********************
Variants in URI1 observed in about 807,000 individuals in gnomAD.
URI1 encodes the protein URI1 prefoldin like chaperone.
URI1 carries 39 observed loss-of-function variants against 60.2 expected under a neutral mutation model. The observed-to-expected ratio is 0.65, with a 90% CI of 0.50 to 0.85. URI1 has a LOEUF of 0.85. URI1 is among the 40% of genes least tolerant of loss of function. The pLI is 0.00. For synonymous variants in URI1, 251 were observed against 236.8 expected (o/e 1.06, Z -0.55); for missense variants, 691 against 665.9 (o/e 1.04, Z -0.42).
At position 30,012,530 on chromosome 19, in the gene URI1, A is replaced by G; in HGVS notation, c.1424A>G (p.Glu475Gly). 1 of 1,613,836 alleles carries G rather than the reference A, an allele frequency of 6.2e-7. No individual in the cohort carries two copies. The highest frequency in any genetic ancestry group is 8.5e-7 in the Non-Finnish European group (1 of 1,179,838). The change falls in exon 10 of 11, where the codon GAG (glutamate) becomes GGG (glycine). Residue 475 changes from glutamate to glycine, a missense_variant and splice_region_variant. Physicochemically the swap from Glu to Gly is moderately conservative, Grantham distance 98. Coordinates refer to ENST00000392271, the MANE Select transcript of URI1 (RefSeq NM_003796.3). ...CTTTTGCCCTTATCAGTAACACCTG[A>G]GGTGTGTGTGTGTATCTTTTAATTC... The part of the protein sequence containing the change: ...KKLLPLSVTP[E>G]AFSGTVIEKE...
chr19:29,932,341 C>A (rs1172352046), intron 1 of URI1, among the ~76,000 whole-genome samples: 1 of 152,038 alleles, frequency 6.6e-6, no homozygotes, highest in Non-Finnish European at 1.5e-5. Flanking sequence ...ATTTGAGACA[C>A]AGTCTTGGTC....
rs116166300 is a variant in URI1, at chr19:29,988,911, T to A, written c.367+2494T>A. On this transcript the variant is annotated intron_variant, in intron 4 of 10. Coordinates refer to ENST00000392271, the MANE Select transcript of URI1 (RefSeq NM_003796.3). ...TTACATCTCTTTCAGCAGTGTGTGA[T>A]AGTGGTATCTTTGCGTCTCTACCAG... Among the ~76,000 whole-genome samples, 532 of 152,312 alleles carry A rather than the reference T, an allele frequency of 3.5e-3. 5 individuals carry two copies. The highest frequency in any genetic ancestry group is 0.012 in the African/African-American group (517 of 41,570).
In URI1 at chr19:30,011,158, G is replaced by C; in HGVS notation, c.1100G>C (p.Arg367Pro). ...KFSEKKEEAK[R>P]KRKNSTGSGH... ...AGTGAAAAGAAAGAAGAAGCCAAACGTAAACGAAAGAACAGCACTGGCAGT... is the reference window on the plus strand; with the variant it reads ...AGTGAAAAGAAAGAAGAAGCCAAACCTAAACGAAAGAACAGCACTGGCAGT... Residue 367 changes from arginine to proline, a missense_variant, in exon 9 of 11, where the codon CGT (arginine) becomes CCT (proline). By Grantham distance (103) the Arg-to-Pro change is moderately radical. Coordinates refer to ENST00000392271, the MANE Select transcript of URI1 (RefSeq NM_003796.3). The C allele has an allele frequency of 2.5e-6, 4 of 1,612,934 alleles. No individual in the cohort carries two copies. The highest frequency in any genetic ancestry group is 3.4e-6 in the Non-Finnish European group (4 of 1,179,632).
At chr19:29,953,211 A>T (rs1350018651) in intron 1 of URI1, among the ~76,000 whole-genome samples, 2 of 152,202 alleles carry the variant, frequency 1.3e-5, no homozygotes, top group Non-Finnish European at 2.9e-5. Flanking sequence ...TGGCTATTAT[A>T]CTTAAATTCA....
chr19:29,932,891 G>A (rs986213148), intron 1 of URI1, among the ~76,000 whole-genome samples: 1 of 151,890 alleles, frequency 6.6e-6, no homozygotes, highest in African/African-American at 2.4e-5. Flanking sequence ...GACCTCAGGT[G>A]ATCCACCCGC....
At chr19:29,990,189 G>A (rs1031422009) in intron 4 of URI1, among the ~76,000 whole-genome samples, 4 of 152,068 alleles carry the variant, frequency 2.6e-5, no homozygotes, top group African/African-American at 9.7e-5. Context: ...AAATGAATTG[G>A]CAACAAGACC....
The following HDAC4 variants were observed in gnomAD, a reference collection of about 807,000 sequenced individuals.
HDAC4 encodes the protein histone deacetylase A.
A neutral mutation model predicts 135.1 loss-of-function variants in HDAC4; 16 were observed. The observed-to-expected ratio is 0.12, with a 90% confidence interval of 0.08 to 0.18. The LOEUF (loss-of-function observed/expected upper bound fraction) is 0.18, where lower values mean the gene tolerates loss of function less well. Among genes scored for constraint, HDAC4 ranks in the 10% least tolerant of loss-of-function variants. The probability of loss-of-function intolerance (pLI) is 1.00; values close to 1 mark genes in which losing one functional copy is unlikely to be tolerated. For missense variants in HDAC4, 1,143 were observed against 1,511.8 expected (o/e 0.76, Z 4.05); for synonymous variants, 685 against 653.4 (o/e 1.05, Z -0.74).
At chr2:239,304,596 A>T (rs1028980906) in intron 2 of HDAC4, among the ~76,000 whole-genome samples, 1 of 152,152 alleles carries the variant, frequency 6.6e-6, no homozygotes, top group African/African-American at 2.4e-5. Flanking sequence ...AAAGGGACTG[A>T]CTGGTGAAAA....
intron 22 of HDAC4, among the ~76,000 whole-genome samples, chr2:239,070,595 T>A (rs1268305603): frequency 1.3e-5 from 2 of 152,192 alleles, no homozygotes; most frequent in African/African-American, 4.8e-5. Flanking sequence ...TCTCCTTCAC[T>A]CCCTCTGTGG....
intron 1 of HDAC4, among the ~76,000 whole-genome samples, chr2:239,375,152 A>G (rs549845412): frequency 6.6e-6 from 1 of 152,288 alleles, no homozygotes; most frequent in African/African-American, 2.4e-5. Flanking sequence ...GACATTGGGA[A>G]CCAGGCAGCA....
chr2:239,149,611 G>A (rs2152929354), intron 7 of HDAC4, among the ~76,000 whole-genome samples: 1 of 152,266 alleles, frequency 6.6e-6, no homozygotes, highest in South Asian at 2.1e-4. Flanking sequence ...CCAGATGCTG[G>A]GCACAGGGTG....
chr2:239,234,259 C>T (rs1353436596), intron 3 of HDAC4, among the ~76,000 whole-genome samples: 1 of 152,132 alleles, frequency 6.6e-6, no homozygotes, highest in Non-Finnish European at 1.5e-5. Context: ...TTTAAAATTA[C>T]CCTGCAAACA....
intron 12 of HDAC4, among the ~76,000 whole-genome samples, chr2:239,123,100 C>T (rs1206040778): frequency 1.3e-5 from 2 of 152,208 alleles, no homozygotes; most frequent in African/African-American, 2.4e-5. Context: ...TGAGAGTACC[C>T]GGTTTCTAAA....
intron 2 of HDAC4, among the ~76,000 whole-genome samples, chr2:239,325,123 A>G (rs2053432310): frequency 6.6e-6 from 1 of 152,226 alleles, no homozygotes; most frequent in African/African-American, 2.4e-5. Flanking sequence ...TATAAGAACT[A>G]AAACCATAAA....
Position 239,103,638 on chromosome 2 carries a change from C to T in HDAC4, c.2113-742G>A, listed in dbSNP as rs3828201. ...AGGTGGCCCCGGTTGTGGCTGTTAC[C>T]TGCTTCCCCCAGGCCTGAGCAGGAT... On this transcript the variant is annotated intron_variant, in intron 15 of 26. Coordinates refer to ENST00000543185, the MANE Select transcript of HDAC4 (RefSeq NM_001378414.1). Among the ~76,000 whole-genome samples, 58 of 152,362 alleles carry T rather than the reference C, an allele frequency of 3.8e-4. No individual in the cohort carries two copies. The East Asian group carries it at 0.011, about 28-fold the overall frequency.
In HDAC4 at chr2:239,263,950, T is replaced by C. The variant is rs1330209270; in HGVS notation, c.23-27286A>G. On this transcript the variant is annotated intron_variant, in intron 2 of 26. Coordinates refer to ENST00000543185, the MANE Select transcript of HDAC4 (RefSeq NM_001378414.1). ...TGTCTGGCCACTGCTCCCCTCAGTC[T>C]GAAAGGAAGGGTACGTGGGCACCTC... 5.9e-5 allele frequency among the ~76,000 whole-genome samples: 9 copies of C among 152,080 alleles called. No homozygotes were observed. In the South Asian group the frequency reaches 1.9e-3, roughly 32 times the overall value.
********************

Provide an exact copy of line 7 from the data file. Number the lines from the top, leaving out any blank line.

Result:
In URI1 at chr19:30,011,158, G is replaced by C; in HGVS notation, c.1100G>C (p.Arg367Pro). ...KFSEKKEEAK[R>P]KRKNSTGSGH... ...AGTGAAAAGAAAGAAGAAGCCAAACGTAAACGAAAGAACAGCACTGGCAGT... is the reference window on the plus strand; with the variant it reads ...AGTGAAAAGAAAGAAGAAGCCAAACCTAAACGAAAGAACAGCACTGGCAGT... Residue 367 changes from arginine to proline, a missense_variant, in exon 9 of 11, where the codon CGT (arginine) becomes CCT (proline). By Grantham distance (103) the Arg-to-Pro change is moderately radical. Coordinates refer to ENST00000392271, the MANE Select transcript of URI1 (RefSeq NM_003796.3). The C allele has an allele frequency of 2.5e-6, 4 of 1,612,934 alleles. No individual in the cohort carries two copies. The highest frequency in any genetic ancestry group is 3.4e-6 in the Non-Finnish European group (4 of 1,179,632).